DF can be a used to have a external API or is more for a backend API?



Hello all,

After a day reading the Wiki and Docs, and viewing videos, want to confirm if DF can be used to have a public API? I think to expose the API “outside” the DF interface is complicated!

The intention is to have a API to company needs (a backend API) to develop our services and websites. This API is only accessed by “company users”.
But need expose some API endpoints to general public to use by 3rd party developers (through a Key by each developer), the “API Docs” must be in a separated location from DF base (can be a sub-folder or a sub-domain).

It’s is possible? or the main propose of DF is to have a backend API to build websites/services, but not intended to be a public available (like Parse.com).

Best regards,


Hello @LBat

With DF you can provide specific endpoints for Public and Authenticated users. The way to do this is by assigning a API Key + Role

For authenticated users, this article describes how you should do this http://blog.dreamfactory.com/share-api-docs-securely

In case of public users, you must at least identify a API Key, because it will be through it that the Role with the public permissions will be defined. This doc briefly describes how to configure it. http://wiki.dreamfactory.com/DreamFactory/Tutorials/Setting_up_application_default_role

Best regards



There’s not a way within dreamfactory to avoid having an API key; however I believe it would be possible to set do this with mod-rewrite in the apache server. I haven’t done it yet though so I don’t have instructions. Of course, requiring an API key has a lot of benefits around security and preventing DoS attacks, and isn’t a big burden on developers.

You could probably do the same using a proxy server, which would allow you to do some other checks on the request prior to passing it to dreamfactory.



Thank you @juniorconte and @jraiche.

Junior, the first part, “for authenticated users”, I put to work.

My intention is to permit a 3rd party developer use a API endpoint without need to make a login, the ideia is this “3rd party” developer in the call pass another key, something like a “X-Developer-Key” (can be with the Dreamfactory Key).

In the “pre-process” validate the “X-Developer-Key” and if all ok, the permit the request.

Now, It is made in the “Service” or need to create an “Apps” ?
To create an “App” is to create a folder in the server and create my code and configure “App” to use this url ?

I have “confusion” between a Service and an Apps. I think an “Apps” is not a API endpoint, but a ‘place’ to show (frontend) to a user (a clone of Swagger, or a FAQ page, Or a “Backend” to users…) !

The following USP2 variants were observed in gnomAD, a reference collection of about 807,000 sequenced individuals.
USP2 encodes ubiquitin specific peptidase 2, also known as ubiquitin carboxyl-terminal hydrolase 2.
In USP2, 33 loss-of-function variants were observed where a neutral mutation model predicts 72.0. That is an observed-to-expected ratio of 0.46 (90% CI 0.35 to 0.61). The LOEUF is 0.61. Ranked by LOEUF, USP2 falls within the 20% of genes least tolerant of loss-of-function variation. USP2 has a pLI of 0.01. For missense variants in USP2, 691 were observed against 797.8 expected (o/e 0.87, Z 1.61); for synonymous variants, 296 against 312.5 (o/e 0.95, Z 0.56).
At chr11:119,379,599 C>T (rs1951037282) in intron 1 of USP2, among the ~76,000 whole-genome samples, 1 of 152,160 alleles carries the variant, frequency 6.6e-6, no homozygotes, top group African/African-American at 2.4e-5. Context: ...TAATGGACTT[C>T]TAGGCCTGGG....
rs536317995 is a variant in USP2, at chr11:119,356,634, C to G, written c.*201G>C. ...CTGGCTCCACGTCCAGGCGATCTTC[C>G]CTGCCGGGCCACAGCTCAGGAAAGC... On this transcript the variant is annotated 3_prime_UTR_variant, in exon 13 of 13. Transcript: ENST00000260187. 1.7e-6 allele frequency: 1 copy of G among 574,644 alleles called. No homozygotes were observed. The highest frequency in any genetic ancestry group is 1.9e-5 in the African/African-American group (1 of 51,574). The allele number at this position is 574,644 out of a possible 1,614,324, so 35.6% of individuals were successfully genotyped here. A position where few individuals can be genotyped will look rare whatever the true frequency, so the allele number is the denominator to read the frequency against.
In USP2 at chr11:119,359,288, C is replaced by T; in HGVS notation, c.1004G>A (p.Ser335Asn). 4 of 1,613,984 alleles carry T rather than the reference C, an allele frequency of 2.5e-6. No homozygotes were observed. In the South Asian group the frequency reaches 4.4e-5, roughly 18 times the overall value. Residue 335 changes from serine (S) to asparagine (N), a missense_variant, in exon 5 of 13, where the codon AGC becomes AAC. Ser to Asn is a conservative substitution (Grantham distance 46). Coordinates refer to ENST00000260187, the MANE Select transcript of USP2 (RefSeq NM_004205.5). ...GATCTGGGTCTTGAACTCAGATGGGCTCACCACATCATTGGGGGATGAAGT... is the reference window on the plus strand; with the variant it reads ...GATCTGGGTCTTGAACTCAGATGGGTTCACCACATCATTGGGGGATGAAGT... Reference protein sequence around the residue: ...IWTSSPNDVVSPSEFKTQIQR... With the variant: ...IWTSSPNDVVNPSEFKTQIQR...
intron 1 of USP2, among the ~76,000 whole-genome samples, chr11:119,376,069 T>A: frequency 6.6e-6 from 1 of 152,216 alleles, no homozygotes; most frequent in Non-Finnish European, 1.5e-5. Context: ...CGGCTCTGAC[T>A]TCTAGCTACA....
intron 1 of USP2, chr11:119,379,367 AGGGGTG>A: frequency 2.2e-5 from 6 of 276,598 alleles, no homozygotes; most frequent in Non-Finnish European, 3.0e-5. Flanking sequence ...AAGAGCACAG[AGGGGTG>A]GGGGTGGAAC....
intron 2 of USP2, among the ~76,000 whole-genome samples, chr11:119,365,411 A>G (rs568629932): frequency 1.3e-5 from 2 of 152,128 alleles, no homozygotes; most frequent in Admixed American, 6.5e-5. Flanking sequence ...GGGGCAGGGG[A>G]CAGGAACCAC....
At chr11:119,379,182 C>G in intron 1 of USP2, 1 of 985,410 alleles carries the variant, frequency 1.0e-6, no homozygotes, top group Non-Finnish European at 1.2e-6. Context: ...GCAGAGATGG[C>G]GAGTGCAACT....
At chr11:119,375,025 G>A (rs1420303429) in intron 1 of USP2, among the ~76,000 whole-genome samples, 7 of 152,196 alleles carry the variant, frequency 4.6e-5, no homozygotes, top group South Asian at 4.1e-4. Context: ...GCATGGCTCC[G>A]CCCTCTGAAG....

I was a bit confused by the Role vs App vs Service thing as well initially. If my understanding is flawed, I’ll defer to more experienced users.

Service: A Rest endpoint serving as the gateway to a service (code or database) that is exposed to the world. Services don’t know about security, only what methods/data they expose.

App: A way of controlling permissions across multiple services so a single application can consume aspects of many APIs. An application is a “way of using the api” - could be any interface or usecase. An app could access a part of one API or many APIs. I believe apps can also be used for tracking/auditing usage and controlling rates in some editions.

Role: A way of controlling levels of service within an app. Each app can have a default role, and each user (or group of users) can be assigned another role in the app.

For a concrete example, think about an enterprise application for managing invoices.

First, you have Services, here are 3 plausible ones for this application:

  • Handle scanned invoice I/O (an FTP service that also writes to a DB. Stores and retrieves invoices)
  • Make payment for an invoice (a custom script to make payments)
  • Report on invoices (a db service)

Now, the enterprise would have many more services than that. HR has their services, Legal has services, etc.

The App limits access to the three services above. This is done by providing the developers of the app with the API key.

Now, Audit doesn’t need to make payments, but they need to be able to look at invoices and report on them. The Audit Role is granted permissions to those tables, so when they use the Invoice App, they will be able to do a certain set of actions. If they use another app, they would be able to do audit-ish things in that app too.

Scanners have another role - they can only post to scanned invoice service, not read from it. This can also be controlled with a role.

I hope that makes sense!



Oh, and the default role feature of apps makes it so that they can just use the API key without logging in. You could even set the default role very permissive during development and lock it down once the app is in production so that users would have to login.


Hello again @jraiche,

It is a good explanation, I try to divide my structure in this three ‘areas’ and verify if works.

I will return when have more conclusions or have more questions.

Best regards,